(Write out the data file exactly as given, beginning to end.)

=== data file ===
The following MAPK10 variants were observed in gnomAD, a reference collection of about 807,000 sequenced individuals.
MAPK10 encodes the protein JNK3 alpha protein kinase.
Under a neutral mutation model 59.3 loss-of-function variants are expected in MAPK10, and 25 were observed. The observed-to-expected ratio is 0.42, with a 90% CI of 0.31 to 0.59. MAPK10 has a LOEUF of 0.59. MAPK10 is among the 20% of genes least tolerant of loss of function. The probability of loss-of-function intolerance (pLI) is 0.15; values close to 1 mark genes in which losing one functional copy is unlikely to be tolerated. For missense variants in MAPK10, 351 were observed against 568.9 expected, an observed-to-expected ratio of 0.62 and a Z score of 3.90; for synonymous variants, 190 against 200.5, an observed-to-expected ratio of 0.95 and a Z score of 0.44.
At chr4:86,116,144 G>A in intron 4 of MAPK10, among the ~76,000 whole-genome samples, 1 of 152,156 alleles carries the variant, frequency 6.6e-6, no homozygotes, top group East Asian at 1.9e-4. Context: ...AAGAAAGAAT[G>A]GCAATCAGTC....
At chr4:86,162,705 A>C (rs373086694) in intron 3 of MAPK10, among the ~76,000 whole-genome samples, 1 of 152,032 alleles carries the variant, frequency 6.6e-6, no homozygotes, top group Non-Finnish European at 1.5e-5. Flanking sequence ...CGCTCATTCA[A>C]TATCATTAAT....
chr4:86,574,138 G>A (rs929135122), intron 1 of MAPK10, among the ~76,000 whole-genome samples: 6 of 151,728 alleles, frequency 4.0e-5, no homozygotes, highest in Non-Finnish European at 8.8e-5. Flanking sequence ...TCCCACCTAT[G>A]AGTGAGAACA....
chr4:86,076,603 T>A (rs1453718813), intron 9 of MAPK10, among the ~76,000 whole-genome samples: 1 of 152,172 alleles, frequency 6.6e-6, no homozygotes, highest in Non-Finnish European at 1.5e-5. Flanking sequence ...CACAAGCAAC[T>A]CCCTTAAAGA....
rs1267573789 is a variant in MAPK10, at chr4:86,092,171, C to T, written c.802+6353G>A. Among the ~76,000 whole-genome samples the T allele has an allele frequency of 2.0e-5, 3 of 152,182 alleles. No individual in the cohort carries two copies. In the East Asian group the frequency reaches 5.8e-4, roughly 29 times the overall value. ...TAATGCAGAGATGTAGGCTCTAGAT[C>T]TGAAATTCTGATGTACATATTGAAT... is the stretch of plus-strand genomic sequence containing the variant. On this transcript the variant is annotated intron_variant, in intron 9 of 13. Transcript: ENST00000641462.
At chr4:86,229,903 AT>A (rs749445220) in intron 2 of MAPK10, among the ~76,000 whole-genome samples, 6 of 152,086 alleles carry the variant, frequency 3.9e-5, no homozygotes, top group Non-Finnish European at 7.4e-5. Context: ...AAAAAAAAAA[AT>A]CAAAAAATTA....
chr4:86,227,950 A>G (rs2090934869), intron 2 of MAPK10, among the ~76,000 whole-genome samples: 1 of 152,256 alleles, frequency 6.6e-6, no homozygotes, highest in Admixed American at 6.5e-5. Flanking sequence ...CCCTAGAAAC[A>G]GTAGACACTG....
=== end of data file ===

The following MAPK10 variants were observed in gnomAD, a reference collection of about 807,000 sequenced individuals.
MAPK10 encodes the protein JNK3 alpha protein kinase.
Under a neutral mutation model 59.3 loss-of-function variants are expected in MAPK10, and 25 were observed. The observed-to-expected ratio is 0.42, with a 90% CI of 0.31 to 0.59. MAPK10 has a LOEUF of 0.59. MAPK10 is among the 20% of genes least tolerant of loss of function. The probability of loss-of-function intolerance (pLI) is 0.15; values close to 1 mark genes in which losing one functional copy is unlikely to be tolerated. For missense variants in MAPK10, 351 were observed against 568.9 expected, an observed-to-expected ratio of 0.62 and a Z score of 3.90; for synonymous variants, 190 against 200.5, an observed-to-expected ratio of 0.95 and a Z score of 0.44.
At chr4:86,116,144 G>A in intron 4 of MAPK10, among the ~76,000 whole-genome samples, 1 of 152,156 alleles carries the variant, frequency 6.6e-6, no homozygotes, top group East Asian at 1.9e-4. Context: ...AAGAAAGAAT[G>A]GCAATCAGTC....
At chr4:86,162,705 A>C (rs373086694) in intron 3 of MAPK10, among the ~76,000 whole-genome samples, 1 of 152,032 alleles carries the variant, frequency 6.6e-6, no homozygotes, top group Non-Finnish European at 1.5e-5. Flanking sequence ...CGCTCATTCA[A>C]TATCATTAAT....
chr4:86,574,138 G>A (rs929135122), intron 1 of MAPK10, among the ~76,000 whole-genome samples: 6 of 151,728 alleles, frequency 4.0e-5, no homozygotes, highest in Non-Finnish European at 8.8e-5. Flanking sequence ...TCCCACCTAT[G>A]AGTGAGAACA....
chr4:86,076,603 T>A (rs1453718813), intron 9 of MAPK10, among the ~76,000 whole-genome samples: 1 of 152,172 alleles, frequency 6.6e-6, no homozygotes, highest in Non-Finnish European at 1.5e-5. Flanking sequence ...CACAAGCAAC[T>A]CCCTTAAAGA....
rs1267573789 is a variant in MAPK10, at chr4:86,092,171, C to T, written c.802+6353G>A. Among the ~76,000 whole-genome samples the T allele has an allele frequency of 2.0e-5, 3 of 152,182 alleles. No individual in the cohort carries two copies. In the East Asian group the frequency reaches 5.8e-4, roughly 29 times the overall value. ...TAATGCAGAGATGTAGGCTCTAGAT[C>T]TGAAATTCTGATGTACATATTGAAT... is the stretch of plus-strand genomic sequence containing the variant. On this transcript the variant is annotated intron_variant, in intron 9 of 13. Transcript: ENST00000641462.
At chr4:86,229,903 AT>A (rs749445220) in intron 2 of MAPK10, among the ~76,000 whole-genome samples, 6 of 152,086 alleles carry the variant, frequency 3.9e-5, no homozygotes, top group Non-Finnish European at 7.4e-5. Context: ...AAAAAAAAAA[AT>A]CAAAAAATTA....
chr4:86,227,950 A>G (rs2090934869), intron 2 of MAPK10, among the ~76,000 whole-genome samples: 1 of 152,256 alleles, frequency 6.6e-6, no homozygotes, highest in Admixed American at 6.5e-5. Flanking sequence ...CCCTAGAAAC[A>G]GTAGACACTG....